Gingerbread bunting

Gingerbread bunting

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(22 ratings)

Prep: 1 hr, 30 mins Cook: 15 mins

More effort

Makes about 16 biscuits

These tasty spiced gingerbread men make a fantastically festive, edible Christmas decoration - string up and eat within two weeks

Nutrition and extra info

  • uncooked dough only

Nutrition: per biscuit (un-iced)

  • kcal342
  • fat6g
  • saturates4g
  • carbs68g
  • sugars50g
  • fibre1g
  • protein3g
  • salt0.4g
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    For the gingerbread

    • 175g dark muscovado sugar, plus a little extra for the reindeer
    • 85g golden syrup
      Golden syrup

      Golden syrup

      goal-dun sir-rup

      Golden syrup is a translucent, golden-amber coloured, sweet syrup, which can only be produced…

    • 100g butter



      Butter is a dairy product made from separating whole milk or cream into fat and…

    • 350g plain flour, plus extra for dusting
    • 1 tsp bicarbonate of soda
      Bicarbonate of soda

      Bicarbonate of soda

      Bicarbonate of soda, or baking soda, is an alkali which is used to raise soda breads and full-…

    • 1 tbsp ground ginger
    • 1 tsp ground cinnamon
    • 1 egg, lightly beaten



      The ultimate convenience food, eggs are powerhouses of nutrition packed with protein and a…

    To decorate

    • 600g fondant icing sugar
    • brown and black food colouring
    • sweets and sprinkles (we used orange jelly beans, white chocolate drops, edible red balls and edible silver balls)
    • edible white or silver glitter

    You'll also need

    • gingerbread man cutter
    • gingerbread lady cutter
    • a straw
    • disposable piping bags
    • small piping nozzle
    • cocktail sticks
    • ribbon or string, to tie together


    1. Put the sugar, syrup, butter and a pinch of salt into a saucepan. Bubble for 1-2 mins, mixing to combine. Set aside to cool a little. Put the flour, bicarbonate of soda and spices in a bowl, add the warm syrup mixture and the egg, and stir to combine (it will feel a little soft now, but will firm up once chilled). Cover the bowl with cling film and chill for 30 mins. Heat oven to 200C/180C fan/gas 6 and line 2 baking trays with parchment.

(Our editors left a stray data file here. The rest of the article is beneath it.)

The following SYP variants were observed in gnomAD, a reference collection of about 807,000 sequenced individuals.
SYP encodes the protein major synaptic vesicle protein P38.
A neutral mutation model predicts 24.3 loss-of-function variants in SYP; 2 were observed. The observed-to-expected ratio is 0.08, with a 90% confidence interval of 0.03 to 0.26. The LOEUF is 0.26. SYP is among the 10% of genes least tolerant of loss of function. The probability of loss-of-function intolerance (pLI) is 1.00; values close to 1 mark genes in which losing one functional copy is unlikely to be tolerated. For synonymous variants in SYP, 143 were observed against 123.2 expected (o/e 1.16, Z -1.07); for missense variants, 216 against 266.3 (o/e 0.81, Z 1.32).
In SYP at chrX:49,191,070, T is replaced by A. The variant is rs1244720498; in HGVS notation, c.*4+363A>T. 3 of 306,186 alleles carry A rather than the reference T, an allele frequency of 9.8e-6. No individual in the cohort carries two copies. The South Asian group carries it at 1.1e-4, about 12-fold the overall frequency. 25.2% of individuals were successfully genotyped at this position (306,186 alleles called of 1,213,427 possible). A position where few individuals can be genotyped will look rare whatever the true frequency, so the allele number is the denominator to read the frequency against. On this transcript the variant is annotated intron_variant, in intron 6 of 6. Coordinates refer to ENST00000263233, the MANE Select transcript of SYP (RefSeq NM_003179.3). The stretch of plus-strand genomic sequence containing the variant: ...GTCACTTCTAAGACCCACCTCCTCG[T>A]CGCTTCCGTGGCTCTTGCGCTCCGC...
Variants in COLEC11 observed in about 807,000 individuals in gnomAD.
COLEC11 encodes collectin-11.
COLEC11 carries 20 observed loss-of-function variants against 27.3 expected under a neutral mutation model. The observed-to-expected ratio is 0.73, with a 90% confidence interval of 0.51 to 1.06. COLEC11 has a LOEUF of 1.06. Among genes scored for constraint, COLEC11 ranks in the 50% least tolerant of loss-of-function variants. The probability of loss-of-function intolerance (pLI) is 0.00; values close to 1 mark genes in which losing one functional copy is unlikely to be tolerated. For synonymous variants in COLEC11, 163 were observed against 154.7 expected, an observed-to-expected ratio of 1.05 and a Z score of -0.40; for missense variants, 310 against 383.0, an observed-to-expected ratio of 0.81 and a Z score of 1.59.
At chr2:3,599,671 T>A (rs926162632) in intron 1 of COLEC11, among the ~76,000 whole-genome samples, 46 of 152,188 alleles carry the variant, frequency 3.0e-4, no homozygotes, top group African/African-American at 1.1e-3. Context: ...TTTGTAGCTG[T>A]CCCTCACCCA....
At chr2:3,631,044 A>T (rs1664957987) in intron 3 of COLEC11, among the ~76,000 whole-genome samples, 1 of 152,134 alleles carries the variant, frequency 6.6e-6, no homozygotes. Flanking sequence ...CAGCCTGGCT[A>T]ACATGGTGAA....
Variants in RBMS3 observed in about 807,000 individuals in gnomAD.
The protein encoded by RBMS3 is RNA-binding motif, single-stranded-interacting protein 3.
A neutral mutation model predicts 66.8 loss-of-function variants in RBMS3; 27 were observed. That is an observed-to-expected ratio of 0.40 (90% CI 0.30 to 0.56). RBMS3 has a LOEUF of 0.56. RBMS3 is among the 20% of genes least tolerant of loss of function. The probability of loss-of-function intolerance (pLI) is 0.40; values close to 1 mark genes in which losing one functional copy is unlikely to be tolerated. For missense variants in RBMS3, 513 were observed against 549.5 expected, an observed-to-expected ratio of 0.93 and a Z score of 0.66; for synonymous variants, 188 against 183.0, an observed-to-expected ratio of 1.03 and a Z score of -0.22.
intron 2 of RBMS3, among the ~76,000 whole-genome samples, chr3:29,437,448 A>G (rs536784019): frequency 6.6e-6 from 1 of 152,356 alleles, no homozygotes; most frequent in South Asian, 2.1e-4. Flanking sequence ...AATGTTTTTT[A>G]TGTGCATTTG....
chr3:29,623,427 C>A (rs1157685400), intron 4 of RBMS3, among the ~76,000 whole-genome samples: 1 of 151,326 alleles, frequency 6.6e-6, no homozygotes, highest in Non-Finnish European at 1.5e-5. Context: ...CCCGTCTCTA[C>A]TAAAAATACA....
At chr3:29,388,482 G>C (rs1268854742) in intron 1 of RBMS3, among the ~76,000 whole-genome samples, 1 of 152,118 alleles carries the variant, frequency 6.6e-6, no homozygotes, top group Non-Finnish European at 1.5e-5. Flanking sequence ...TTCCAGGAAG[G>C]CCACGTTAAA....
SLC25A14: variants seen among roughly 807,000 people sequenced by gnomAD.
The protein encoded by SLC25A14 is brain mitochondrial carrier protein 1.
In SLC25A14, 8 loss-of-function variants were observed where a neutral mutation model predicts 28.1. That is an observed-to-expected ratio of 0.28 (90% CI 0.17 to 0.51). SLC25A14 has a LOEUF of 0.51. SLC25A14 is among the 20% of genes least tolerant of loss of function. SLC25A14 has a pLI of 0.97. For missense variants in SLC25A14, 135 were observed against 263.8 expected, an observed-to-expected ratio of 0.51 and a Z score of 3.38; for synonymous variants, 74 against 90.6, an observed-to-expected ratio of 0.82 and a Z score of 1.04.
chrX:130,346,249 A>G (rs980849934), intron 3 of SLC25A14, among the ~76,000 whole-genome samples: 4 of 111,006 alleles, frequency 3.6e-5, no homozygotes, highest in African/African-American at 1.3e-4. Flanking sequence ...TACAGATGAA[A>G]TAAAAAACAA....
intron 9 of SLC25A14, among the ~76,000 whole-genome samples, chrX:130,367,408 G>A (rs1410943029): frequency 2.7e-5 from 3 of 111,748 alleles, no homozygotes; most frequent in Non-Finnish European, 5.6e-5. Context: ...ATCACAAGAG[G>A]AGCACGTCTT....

2. Dust your work surface with a little flour, then roll out the dough to the thickness of a £1 coin. Cut out as many men and ladies as you can – you should be able to get about 16 by re-rolling the dough. Place on the trays, then bake for 10-12 mins until slightly risen and golden brown. While they are still warm, push a straw through the top of the gingerbread ladies, and just above where the legs meet on the gingerbread men, to make a hole for stringing up. Cool on a wire rack.

    3. To decorate your snowmen, divide the icing sugar evenly between 2 bowls. Add enough water, a dribble at a time, until you have a very thick but pipeable icing. Add a few drops of brown food colouring to one bowl of icing brown for the reindeer and mix until evenly coloured. Spoon 2 tbsp of the brown icing into another bowl, then colour black using the black food colouring.

    4. Transfer roughly half the white icing to a piping bag fitted with a fine nozzle. Pipe the outline of a snowman onto the gingerbread lady biscuits, piping a little circle around the hole at the top too. Leave to set for 5 mins. Squeeze any leftover icing back into the bowl with the remaining white icing and add a little more water, a splash at a time, until runny but still fairly thick. Transfer back to the piping bag. When the snowman outlines are dry to the touch, pipe enough icing onto the biscuits to flood the surface. Tease the icing into all corners using a cocktail stick.

    5. Use half an orange jelly bean for the snowman’s nose and silver balls for the buttons. Transfer the brown and black icings to piping bags fitted with small nozzles (or snip off the corner of a sandwich bag), and pipe on brown twigs for arms and black dots as coal for eyes and a mouth. Finally, sprinkle the base of each snowman with a little edible glitter. Leave to dry for at least 2 hrs.